By Adi Azaria
To say that mobile devices are on the rise is somewhat trite. With 64 percent of American adults owning a smartphone and 42% owning a tablet computer as of 2014, we are already in the midst of the mobile era. At the same time, business intelligence and analytics software is also displaying continuous growth in the enterprise realm. In this state of affairs, it seems only natural for these two concurrent trends to converge.
And indeed, a quick market survey will reveal that any self-respecting business intelligence platform now includes a mobile BI offering, either in the form of a separate app or a mobile-friendly web interface. So is BI set to go mobile? Does mobile have the potential to replace the traditional desktop tools we have grown accustomed to using?
I don’t believe we’re quite there yet; while mobile BI is definitely more than just a nice-to-have, the personal computer will remain the ‘weapon of choice’ for data analytics, at least in the near term. The reason I see for this is the inherent limitations handheld devices currently suffer from, and the limited capabilities of these devices compared to their more powerful – albeit admittedly less slick and attractive – counterparts, desktop and laptop computers.
Consumers and Producers
I am talking about a much more prosaic problem with handheld devices: namely, that they are primarily designed for consuming content. Smartphones are great for reading articles, watching Youtube videos and playing Candy Crush Saga, and are a reasonable choice for firing off some quick emails. But writing a 10-page report on your phone is still an incredibly frustrating experience, because this is simply not what these devices were meant to do. To a lesser extent, this is also the case with tablets: while these come with bigger screens, the touch-screen functionality simply does not offer the same levels of flexibility and responsiveness as the old-fashioned mouse-and-keyboard combo.
The fact of the matter is that handheld devices are not currently being built to cater for content creators. They are still mainly being built and used as platforms to view and consume the content that is being created on personal computers.
Mobile BI: Looking Beyond Dashboards
So where does business intelligence fit into this? Is it more similar to passive or semi-passive content consumption, or is it more of an interactive affair? The answer is that both these facets play an important role in the full scope of BI, which essentially boils down to generating business value from data. This means giving users the ability to join different data sources, perform analysis on the data, visualize the results, and share them with a large number of people in the organization.
Of all these functions, mobile BI only really caters to the latter. For users who are mainly ‘dashboard consumers’, i.e., their main interest is to be able to keep track of processes within their organization through interactive dashboard reporting, mobile has distinct advantages. For these types of users, the ability to access their data on the go, during a meeting, or on an international flight, is indispensable. Since the level of interactivity these users typically require usually amounts to drill-downs and filtering, the mobile interface is more than adequate.
But data analytics is about more than just dashboard reporting. Someone needs to build these dashboards. Someone needs to deal with data preparation, finding the relevant data sources, consolidating them, integrating them, and applying the formulas and calculations that enable the above mentioned ‘consumers’ to effectively track relevant KPIs. All this requires a relatively high level of user interaction. It’s not that it cannot conceivably be done on a mobile device; it would simply be much. It would not be comfortable.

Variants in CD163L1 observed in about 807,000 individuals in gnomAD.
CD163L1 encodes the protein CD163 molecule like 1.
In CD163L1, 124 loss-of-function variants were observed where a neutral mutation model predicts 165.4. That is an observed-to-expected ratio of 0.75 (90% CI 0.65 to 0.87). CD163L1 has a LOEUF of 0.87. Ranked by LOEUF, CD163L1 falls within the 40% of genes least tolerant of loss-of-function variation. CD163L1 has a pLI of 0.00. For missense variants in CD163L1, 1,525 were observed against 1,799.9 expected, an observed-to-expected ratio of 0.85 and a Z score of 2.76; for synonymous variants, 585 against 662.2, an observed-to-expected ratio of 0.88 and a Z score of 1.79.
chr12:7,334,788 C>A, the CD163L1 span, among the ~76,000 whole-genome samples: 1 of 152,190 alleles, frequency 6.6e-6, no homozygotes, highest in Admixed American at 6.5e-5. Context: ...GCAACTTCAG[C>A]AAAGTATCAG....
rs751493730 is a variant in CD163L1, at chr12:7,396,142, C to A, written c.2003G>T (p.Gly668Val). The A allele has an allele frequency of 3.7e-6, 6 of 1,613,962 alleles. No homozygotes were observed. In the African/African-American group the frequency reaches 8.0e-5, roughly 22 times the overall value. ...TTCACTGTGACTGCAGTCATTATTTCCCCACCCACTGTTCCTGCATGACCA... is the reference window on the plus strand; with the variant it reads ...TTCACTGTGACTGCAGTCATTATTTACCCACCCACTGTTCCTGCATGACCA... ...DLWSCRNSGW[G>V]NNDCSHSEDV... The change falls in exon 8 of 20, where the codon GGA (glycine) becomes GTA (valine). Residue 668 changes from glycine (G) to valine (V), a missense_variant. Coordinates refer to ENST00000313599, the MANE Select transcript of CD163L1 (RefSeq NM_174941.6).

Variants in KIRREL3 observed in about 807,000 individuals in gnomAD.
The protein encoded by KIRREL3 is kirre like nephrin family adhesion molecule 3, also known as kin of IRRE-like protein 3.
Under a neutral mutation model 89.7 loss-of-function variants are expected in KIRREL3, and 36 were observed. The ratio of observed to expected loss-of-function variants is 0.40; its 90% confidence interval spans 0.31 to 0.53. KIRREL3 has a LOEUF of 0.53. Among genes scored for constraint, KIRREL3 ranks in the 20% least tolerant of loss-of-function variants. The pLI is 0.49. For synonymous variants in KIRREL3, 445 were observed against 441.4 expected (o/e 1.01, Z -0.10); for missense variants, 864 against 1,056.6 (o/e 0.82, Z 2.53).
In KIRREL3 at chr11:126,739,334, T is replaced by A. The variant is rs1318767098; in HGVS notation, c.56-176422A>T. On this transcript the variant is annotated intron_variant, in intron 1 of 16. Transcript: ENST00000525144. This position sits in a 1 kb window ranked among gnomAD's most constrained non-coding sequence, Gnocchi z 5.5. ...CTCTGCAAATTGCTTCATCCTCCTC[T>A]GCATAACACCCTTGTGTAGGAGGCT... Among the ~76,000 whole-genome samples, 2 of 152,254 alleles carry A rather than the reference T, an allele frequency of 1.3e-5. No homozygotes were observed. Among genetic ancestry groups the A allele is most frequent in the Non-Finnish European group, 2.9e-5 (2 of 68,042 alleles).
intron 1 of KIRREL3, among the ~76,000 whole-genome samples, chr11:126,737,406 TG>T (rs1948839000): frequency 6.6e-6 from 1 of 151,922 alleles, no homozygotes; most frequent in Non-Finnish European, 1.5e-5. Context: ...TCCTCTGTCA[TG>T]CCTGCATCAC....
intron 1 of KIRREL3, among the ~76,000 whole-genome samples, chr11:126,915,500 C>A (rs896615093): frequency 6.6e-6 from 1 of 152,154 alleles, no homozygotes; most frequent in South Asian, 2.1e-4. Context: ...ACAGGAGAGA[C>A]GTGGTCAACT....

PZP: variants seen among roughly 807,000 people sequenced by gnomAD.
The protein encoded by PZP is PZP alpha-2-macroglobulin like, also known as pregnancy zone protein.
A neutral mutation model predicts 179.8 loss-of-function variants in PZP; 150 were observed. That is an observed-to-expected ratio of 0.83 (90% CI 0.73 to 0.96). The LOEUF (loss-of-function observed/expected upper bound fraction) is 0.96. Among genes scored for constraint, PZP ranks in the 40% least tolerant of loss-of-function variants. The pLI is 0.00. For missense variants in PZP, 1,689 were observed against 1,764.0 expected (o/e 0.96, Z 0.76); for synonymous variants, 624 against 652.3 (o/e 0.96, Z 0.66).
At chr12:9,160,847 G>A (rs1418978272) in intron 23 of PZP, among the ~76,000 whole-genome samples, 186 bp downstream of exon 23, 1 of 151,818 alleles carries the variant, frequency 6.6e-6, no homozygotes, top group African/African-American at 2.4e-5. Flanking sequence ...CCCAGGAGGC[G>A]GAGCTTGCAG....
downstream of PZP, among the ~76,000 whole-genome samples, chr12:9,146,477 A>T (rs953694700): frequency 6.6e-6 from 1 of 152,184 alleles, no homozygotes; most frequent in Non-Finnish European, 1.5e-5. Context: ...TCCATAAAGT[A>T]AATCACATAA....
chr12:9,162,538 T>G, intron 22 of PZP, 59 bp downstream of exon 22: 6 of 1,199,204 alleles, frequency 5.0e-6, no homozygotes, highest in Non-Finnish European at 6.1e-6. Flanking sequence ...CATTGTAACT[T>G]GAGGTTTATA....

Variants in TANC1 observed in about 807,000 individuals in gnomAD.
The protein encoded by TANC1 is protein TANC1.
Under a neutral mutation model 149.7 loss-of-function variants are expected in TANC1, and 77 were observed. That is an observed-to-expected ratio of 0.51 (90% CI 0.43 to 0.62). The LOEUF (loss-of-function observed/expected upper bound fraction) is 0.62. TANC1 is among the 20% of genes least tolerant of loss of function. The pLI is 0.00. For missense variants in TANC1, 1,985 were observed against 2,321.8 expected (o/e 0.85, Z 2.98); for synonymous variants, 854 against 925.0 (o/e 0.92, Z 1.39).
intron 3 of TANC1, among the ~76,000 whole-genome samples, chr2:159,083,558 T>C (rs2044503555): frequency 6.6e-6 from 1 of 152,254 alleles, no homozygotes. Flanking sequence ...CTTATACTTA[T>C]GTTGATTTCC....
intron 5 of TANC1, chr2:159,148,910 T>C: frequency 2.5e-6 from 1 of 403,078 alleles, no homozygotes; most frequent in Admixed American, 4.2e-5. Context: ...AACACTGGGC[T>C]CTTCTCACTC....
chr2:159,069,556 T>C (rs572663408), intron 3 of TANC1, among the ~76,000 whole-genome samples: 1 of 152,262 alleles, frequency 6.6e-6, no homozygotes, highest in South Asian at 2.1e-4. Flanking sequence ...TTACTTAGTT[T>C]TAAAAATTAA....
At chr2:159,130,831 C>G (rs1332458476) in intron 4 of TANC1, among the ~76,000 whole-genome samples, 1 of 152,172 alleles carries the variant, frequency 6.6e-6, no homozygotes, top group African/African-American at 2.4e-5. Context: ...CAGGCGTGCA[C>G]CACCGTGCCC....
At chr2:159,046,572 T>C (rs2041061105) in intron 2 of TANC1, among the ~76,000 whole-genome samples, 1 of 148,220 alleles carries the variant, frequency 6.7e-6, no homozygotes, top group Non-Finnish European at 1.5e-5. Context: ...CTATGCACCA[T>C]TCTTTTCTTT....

The current usage statistics for mobile BI (not many of which are available) seem to support the notion that the BI market is not showing signs of mobile domination. While a few years ago Gartner predicted that by now 50 percent of users will rely exclusively on mobile devices for insight delivery, reality has been somewhat less optimistic. In mid-2014, only 15 and 16 percent, respectively, of European and North American companies had adopted mobile BI, according to a BARC survey. Of these adopters, the majority were using mobile BI to display reports and dashboards. A survey by Howard Dresner has also found that the most important capabilities for mobile BI users include “viewing charts and reports and monitoring KPIs”. Another 2013 survey has actually found mobile BI adoption to be slowing down.
Mobile, or at least mobile-friendly business intelligence is definitely here to stay. But handheld or wearable devices, in their current form, cannot fully replace personal computers as the default devices used for analytics. For this to happen we would need to see some serious improvements to these devices’ usability as work tools. This won’t necessarily be the case in the long term (for example, advancements in voice recognition technology could solve some of the problems associated with the mobile interface) — but currently, tablets and smartphones are simply not the ideal tool for the job.
About the author: Adi Azaria is the Co-Founder and Chief Evangelist at Sisense. Azaria is a passionate entrepreneur, author, computer scientist and established thought leader. Adi has used his extensive experience to help the company triple its growth for four years in a row, as well as raise tens of millions of dollars in investment. Connect with him on LinkedIn.
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